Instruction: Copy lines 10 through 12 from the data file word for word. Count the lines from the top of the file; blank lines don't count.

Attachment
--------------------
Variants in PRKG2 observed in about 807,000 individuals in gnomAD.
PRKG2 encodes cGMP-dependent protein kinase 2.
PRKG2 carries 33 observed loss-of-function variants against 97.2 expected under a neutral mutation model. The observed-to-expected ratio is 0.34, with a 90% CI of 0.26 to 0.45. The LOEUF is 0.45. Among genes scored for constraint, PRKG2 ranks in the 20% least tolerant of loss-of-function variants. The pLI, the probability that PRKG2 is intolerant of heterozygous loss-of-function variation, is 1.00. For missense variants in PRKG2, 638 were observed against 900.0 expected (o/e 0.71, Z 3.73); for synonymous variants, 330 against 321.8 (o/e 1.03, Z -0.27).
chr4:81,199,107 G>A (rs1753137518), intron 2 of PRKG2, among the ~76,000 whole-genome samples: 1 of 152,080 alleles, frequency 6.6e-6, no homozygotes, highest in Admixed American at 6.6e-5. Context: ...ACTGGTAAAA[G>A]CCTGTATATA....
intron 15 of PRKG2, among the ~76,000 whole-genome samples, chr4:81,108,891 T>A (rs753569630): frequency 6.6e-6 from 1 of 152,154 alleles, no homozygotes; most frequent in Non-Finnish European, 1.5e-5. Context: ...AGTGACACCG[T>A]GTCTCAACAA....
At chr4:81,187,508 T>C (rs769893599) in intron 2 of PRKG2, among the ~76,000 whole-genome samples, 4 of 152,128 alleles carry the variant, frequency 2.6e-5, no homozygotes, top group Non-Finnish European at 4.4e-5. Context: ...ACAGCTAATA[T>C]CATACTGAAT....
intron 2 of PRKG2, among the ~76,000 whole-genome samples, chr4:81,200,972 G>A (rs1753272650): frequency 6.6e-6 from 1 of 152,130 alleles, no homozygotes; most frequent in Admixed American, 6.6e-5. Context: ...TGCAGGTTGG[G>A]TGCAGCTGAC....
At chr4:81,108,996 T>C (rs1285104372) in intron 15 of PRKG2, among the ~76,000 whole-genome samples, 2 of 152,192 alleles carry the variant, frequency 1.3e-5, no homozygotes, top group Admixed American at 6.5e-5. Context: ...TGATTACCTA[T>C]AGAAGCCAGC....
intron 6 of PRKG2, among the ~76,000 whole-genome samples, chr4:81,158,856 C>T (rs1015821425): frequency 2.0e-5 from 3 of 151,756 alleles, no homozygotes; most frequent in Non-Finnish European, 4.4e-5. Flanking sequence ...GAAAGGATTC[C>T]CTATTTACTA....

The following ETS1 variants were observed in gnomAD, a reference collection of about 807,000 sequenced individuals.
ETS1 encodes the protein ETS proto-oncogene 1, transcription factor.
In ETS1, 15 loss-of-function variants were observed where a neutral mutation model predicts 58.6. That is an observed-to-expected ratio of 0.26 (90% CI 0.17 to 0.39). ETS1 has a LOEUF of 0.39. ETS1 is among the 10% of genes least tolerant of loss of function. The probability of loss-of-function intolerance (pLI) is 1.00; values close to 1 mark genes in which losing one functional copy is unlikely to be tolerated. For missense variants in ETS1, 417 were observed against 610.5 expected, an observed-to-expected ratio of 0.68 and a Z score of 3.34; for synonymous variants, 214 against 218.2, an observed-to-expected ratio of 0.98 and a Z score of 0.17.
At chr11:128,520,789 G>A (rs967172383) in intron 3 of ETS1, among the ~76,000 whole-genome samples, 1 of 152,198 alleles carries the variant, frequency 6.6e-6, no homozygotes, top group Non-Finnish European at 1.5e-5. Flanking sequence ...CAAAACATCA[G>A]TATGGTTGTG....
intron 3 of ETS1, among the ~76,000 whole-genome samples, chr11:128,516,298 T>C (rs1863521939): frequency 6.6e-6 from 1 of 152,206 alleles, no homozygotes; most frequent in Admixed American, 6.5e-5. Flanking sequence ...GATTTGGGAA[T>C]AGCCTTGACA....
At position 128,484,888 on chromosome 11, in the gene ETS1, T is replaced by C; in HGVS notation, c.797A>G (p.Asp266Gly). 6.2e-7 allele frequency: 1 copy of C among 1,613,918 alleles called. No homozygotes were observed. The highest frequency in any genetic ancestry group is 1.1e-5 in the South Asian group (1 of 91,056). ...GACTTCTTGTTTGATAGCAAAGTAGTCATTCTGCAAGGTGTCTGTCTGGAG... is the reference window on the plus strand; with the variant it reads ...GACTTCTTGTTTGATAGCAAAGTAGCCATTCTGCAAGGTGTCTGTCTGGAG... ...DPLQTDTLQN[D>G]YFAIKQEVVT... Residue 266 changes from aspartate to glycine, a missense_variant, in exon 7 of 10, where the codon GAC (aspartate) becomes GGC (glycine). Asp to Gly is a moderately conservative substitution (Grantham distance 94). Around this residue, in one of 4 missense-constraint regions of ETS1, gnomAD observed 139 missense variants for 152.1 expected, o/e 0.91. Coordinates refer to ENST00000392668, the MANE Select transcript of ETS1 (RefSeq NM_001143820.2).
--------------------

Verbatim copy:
The following ETS1 variants were observed in gnomAD, a reference collection of about 807,000 sequenced individuals.
ETS1 encodes the protein ETS proto-oncogene 1, transcription factor.
In ETS1, 15 loss-of-function variants were observed where a neutral mutation model predicts 58.6. That is an observed-to-expected ratio of 0.26 (90% CI 0.17 to 0.39). ETS1 has a LOEUF of 0.39. ETS1 is among the 10% of genes least tolerant of loss of function. The probability of loss-of-function intolerance (pLI) is 1.00; values close to 1 mark genes in which losing one functional copy is unlikely to be tolerated. For missense variants in ETS1, 417 were observed against 610.5 expected, an observed-to-expected ratio of 0.68 and a Z score of 3.34; for synonymous variants, 214 against 218.2, an observed-to-expected ratio of 0.98 and a Z score of 0.17.